Olympics organisers have pledged to prioritise sustainability at the Tokyo Games in an attempt to demonstrate how countries such as Japan — a top carbon emitter — can work towards a greener future.
Their initiatives include furnishing the Olympic Village with recyclable cardboard beds, using electricity from renewable sources and minimising waste at competitions.
But like all big global events, Tokyo 2020 will leave an inevitable imprint on the planet. Here are some key points to know about its environmental impact:
The most recent official estimate of the Tokyo Games’ carbon footprint — more than some countries such as Montenegro emit in a year.
It includes 1.5 million tonnes of CO2 generated through the construction or renovation of venues and other infrastructure.
But it does not account for a ban on overseas spectators to limit coronavirus infection risks.
When their air travel and accommodation emissions are excluded, the total footprint should come down by around 340,000 tonnes of CO2, organisers say.
They will publish a final evaluation after the Games are over.
The figure is already lower than that of the Rio and London Olympics, and Paris has set an even more ambitious target of 1.5 million tonnes as host of the 2024 Games.
Tokyo 2020 also says it plans to “offset” its footprint by purchasing carbon credits, which finance local projects aimed at reducing greenhouse gas emissions, equivalent to around 4.38 million tonnes of CO2.
But such programmes are controversial. Activists accuse big business of paying for a quick fix rather than seeking to overhaul their operations, and some offset projects have failed to deliver.
Games organisers have set a target of using 100 percent renewable electricity at Olympic sites during the event.
But only 30 to 35 percent of this power will come directly from green sources, mainly solar energy and biofuel, a Tokyo 2020 spokesman told AFP.
“For venues that cannot procure renewable electricity through power companies, we will convert their non-renewable electricity into renewable electricity using green power certificates,” the organisers say.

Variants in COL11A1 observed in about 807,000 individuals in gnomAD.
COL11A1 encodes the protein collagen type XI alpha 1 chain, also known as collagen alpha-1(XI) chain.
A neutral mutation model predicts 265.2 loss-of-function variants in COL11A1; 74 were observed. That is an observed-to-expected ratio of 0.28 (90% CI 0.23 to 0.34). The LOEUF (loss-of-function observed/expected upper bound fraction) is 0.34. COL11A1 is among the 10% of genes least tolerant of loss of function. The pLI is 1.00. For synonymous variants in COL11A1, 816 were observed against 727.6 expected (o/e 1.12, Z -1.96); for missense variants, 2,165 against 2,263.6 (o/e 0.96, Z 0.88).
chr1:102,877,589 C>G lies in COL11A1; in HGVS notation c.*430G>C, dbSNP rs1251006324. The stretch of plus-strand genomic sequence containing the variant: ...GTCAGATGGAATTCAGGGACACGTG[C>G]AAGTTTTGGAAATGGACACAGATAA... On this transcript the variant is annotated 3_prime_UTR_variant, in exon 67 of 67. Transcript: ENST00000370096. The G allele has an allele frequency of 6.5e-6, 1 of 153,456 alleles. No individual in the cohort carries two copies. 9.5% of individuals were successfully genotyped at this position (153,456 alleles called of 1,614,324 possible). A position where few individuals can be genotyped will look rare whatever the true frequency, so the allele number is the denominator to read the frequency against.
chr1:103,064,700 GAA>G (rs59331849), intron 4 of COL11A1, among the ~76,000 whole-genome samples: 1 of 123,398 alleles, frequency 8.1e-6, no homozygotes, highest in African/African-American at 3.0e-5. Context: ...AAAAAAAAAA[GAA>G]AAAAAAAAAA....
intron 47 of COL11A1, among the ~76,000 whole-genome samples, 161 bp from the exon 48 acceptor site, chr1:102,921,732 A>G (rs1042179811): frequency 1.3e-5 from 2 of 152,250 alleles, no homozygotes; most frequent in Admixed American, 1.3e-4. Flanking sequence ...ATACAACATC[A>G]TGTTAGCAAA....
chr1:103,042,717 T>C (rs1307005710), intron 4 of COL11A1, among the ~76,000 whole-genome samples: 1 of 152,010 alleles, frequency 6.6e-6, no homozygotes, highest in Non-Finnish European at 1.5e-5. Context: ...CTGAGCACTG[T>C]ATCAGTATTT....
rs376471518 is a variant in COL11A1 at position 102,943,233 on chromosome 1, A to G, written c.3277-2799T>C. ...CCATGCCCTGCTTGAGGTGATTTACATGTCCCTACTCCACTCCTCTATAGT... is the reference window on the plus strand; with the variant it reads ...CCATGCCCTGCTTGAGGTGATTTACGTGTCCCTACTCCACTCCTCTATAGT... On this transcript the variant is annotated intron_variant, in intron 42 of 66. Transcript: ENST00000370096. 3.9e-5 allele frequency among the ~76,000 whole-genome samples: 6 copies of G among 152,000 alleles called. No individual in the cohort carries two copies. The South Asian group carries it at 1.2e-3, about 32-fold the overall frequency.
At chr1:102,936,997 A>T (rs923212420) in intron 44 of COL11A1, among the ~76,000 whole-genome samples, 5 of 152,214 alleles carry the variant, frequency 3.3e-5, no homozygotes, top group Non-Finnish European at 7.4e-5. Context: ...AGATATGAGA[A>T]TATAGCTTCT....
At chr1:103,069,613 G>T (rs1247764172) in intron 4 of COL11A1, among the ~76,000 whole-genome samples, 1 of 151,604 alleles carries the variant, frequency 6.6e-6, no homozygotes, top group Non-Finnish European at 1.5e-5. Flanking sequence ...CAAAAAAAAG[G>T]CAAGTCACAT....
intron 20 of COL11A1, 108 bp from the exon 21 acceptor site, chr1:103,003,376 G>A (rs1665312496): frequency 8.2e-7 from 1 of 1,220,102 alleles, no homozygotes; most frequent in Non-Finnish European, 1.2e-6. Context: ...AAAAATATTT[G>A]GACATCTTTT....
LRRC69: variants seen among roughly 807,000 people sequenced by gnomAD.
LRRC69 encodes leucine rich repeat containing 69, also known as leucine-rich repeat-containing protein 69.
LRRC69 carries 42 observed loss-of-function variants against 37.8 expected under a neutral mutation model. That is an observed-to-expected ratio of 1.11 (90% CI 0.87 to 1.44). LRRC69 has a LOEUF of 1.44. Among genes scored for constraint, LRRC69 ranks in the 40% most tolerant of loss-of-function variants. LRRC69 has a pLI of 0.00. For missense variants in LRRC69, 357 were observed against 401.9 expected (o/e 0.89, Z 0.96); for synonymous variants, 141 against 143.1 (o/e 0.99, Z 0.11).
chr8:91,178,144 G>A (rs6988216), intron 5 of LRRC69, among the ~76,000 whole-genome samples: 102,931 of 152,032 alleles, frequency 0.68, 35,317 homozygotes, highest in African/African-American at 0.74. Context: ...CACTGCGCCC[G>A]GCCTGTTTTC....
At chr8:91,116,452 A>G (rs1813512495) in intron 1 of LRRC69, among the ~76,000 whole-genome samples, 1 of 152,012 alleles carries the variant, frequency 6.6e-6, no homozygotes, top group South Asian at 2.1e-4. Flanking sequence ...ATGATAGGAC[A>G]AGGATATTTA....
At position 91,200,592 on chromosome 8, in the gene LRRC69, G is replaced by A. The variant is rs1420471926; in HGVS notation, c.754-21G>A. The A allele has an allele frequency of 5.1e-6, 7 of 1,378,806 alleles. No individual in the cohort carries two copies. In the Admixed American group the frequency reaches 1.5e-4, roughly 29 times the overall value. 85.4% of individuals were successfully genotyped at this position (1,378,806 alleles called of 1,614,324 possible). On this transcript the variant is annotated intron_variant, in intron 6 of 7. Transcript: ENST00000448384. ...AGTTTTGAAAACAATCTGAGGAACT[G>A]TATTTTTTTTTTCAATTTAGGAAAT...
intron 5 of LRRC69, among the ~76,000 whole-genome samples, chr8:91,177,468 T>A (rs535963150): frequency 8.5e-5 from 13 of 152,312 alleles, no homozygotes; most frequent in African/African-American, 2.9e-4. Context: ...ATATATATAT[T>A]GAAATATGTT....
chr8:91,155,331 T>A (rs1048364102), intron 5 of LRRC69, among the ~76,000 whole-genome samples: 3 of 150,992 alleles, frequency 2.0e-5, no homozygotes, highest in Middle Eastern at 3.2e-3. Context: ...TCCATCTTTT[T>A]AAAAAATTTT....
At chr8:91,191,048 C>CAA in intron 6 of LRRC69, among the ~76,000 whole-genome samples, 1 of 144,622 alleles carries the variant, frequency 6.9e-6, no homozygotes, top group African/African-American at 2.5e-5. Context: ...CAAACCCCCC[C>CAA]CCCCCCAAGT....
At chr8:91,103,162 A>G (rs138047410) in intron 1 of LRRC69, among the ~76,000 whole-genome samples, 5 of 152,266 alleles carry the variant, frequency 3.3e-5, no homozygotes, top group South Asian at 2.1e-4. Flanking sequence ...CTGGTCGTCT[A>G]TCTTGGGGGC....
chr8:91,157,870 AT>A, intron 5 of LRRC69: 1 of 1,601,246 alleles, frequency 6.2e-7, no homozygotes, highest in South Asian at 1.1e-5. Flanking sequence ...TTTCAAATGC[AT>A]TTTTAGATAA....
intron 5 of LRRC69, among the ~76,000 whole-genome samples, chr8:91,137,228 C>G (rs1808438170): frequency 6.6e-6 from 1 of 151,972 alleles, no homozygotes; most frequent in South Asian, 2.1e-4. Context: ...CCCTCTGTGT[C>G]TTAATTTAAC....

These credits certify that the same amount of clean energy has been injected into the country’s power grid, or that an equivalent amount has been saved through renovating homes in Tokyo to make them more energy efficient.
Tokyo 2020 says it is “continuing to work to ensure that 99 percent of goods procured for the Games are reused or recycled”, renting items where possible and selling on those that were purchased new.
The scope of this goal is limited, however, as it chiefly refers to furniture for the Olympic Village as well as office and IT equipment for Games operations.
Some fixtures have been specifically designed to be recycled, such as the beds in the Olympic village, which are made from reinforced cardboard. Medals are made from recycled consumer electronics, and podiums from old plastic.
With spectators barred from nearly all events at the Games — the first ever to be held almost entirely behind closed doors — the mountains of consumer waste usually left behind by big crowds may be less of a concern.
Organisers have set a target of reusing or recycling 65 percent of waste generated during the event.
There will be separate bins at venues and the Olympic Village for plastic bottles, cans, paper, food waste, with anything not sorted properly separated at a later stage.
Non-recyclable waste will be converted into energy by being burnt, organisers say, while paper has been chosen over single-use plastic where possible, such as at canteens.